Insights and Analysis from the Law Firm Evolved
Posts from John Boyd
After several sporadic decisions issued by the Supreme Court impacting the US patent system and years of debate about how the system should be improved, Congress recently passed the Leahy-Smith America Invents Act (HR 1249). President Obama signed the Act into law on September 16, 2011. The text of the Act can be found here.
The provisions of the new law have a variety of effective dates. Some of the changes take effect immediately. Fee increases will be instituted on September 26, 2011. Other changes will not be implemented until 2012 and 2013.
The ongoing “patent war” between Google, Apple and Microsoft has brought public attention to the value that these companies perceive in their patent holdings. These companies are aggressively buying patents, hoping to integrate those discoveries with their own, but also to preclude their use by competitors through the threat of patent-infringement litigation. Software patents, are playing a pivotal role in this competition, for example, patent-infringement actions against smartphone producers utilizing Google’s Android operating system.
I’m a patent attorney. As a result, I get a lot of questions from people about patents. Questions like: "Do you think this idea is patentable?"; "Do I need to hire an attorney?"; or "How much will it cost to file a patent?"
I’ve always enjoyed interacting with inventors. They are often very excited about their ideas and love teaching others about their innovations. When inventors come to me with a great idea that has potential commercial value, I often encourage them to look into pursuing a patent.
In order to be commercially successful, ideas need to be properly developed and marketed and team and execution are usually the most important factors. However, protecting the idea with available intellectual property rights is often a critical initial step and typically requires preparing, filing and prosecuting one or more patent applications. Deciding which <a href="http://www.rimonlaw.com">law firm</a> or patent attorney to work with is often a challenge.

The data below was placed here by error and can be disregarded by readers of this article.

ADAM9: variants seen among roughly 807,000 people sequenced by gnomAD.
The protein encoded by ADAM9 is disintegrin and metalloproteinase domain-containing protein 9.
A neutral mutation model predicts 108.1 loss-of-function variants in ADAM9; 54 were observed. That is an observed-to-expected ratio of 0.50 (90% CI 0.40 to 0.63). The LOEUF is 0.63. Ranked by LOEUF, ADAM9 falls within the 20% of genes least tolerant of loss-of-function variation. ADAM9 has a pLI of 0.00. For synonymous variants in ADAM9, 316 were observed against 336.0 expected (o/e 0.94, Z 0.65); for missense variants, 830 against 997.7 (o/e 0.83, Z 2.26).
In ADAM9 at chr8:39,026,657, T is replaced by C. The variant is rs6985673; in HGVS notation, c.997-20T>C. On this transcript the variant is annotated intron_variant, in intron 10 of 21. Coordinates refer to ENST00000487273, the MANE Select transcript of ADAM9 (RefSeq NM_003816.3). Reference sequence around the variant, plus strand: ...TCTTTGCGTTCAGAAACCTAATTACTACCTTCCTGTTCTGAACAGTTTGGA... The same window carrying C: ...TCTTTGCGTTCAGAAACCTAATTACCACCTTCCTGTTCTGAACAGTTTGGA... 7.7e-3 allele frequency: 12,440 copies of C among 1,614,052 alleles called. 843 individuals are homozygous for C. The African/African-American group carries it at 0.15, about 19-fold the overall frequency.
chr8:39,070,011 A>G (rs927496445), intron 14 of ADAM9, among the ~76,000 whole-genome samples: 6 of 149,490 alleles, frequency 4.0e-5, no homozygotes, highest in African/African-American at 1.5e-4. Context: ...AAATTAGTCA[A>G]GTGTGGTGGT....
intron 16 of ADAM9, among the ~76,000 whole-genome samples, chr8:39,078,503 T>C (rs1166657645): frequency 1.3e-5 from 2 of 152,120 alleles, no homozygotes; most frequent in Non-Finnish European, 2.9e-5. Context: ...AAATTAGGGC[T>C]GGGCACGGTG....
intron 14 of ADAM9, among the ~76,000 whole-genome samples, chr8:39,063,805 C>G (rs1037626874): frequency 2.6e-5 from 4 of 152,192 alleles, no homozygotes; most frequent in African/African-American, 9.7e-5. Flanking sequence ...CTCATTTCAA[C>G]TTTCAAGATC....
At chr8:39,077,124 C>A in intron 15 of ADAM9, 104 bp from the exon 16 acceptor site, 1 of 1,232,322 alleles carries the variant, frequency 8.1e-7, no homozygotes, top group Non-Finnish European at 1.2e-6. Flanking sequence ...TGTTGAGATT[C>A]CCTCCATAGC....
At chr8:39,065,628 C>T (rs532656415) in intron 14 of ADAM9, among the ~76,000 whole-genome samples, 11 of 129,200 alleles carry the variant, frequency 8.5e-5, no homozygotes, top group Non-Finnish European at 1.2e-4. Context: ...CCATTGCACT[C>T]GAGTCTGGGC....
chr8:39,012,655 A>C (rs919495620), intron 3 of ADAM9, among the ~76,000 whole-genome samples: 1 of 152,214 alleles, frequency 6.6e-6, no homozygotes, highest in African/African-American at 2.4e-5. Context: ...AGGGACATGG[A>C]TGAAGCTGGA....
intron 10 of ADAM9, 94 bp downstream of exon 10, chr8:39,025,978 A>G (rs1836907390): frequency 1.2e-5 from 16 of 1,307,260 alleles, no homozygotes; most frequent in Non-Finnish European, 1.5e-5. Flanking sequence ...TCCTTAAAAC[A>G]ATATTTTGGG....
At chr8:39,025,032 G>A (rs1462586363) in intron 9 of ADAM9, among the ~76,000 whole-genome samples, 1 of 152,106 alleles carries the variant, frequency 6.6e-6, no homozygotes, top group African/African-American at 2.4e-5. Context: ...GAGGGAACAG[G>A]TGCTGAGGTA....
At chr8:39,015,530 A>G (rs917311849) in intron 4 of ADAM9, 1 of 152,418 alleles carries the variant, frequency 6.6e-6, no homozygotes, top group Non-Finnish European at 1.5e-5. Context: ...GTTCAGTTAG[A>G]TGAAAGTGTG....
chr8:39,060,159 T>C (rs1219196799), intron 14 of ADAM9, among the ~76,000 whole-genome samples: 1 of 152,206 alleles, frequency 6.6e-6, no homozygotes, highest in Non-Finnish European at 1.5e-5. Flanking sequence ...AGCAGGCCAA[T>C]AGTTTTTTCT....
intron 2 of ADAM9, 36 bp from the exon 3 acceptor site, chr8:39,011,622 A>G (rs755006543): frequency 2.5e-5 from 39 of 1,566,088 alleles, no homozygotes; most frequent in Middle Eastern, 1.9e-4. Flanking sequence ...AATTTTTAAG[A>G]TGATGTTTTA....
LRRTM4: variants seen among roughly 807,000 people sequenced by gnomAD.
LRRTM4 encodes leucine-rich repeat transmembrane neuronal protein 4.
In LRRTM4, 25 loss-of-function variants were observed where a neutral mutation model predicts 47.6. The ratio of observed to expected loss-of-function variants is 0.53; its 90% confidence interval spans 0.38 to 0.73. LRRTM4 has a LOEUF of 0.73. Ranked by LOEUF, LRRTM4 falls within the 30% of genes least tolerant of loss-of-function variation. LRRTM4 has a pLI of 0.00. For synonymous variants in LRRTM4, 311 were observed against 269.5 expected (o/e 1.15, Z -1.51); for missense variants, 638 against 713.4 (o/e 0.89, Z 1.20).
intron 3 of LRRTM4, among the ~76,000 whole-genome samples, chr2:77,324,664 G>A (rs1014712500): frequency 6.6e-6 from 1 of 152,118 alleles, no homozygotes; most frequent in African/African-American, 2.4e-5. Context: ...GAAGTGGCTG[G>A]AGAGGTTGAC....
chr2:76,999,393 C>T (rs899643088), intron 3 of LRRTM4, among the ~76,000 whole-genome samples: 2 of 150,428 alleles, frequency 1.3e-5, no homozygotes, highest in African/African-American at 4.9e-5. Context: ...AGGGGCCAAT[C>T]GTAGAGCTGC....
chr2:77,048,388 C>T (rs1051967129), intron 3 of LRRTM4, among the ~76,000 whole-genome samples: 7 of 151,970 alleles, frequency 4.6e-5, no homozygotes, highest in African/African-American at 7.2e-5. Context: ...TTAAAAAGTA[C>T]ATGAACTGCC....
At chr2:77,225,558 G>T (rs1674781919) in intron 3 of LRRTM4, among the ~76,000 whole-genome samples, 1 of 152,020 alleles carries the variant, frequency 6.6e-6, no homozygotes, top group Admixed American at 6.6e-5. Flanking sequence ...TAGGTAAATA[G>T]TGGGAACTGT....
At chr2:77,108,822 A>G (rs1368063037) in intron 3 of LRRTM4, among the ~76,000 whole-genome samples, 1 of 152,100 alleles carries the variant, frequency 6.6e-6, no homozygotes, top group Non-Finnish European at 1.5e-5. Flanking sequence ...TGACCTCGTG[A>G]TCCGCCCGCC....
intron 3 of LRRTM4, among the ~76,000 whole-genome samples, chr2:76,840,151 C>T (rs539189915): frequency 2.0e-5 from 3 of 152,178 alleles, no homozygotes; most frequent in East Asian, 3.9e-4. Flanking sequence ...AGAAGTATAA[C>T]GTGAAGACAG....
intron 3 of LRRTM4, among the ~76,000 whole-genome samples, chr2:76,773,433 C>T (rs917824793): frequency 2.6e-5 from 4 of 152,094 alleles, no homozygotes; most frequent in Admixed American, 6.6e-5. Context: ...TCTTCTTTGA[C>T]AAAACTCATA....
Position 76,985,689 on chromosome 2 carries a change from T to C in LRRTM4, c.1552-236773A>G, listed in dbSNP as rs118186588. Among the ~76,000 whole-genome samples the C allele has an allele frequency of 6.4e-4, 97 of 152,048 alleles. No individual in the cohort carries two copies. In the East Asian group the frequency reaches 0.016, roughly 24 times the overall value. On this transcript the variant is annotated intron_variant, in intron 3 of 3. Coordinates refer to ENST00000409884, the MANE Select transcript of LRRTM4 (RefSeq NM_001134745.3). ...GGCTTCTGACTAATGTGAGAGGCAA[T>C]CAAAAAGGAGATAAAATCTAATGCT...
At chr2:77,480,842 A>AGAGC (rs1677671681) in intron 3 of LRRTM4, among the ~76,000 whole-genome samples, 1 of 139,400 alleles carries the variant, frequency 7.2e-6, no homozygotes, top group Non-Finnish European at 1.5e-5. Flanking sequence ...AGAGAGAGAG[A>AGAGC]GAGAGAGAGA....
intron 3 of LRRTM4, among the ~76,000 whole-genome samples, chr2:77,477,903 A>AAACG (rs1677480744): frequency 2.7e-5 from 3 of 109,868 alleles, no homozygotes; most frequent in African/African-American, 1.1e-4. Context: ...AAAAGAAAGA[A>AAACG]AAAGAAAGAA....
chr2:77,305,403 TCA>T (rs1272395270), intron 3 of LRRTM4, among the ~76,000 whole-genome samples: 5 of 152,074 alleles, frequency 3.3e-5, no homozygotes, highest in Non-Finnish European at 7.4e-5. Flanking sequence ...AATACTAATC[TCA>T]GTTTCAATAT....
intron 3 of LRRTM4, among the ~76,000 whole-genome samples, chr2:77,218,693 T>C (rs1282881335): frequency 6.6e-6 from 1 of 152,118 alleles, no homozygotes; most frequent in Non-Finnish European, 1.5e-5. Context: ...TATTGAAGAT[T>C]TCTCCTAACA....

By a unanimous decision, the Supreme Court rejected Microsoft's argument and affirmed the Federal Circuit's strong presumption of proof that granted U.S. patents are valid.
In Part I, I outlined actions (1) – (5) that can be taken by a business after receiving such a patent infringement notice.
Eventually, you will likely need to form an internal team and an external team. This might prove to be the most important action.
Patents have many legitimate strategic uses, which seem great until you receive a letter or notice from someone claiming you are infringing one or more patent claims.
The following are some actions that can be taken by a business after receiving such a notice.
It’s not easy being a technology startup. There are many challenges, including racing towards product and business development milestones, recruitment and management of employees, funding goals and restraints, fierce competition from big and small competitors, changing legal and regulatory landscapes – just to name a few.
One of the costliest mistakes a startup can make is mismanaging intellectual property rights. A company needs to not only manage its own IP rights, but also avoid those of third parties, including competitors. To be on the safe side, therefore, intellectual property management should include efficiently protecting the startup’s IP rights while also avoiding the IP rights of others.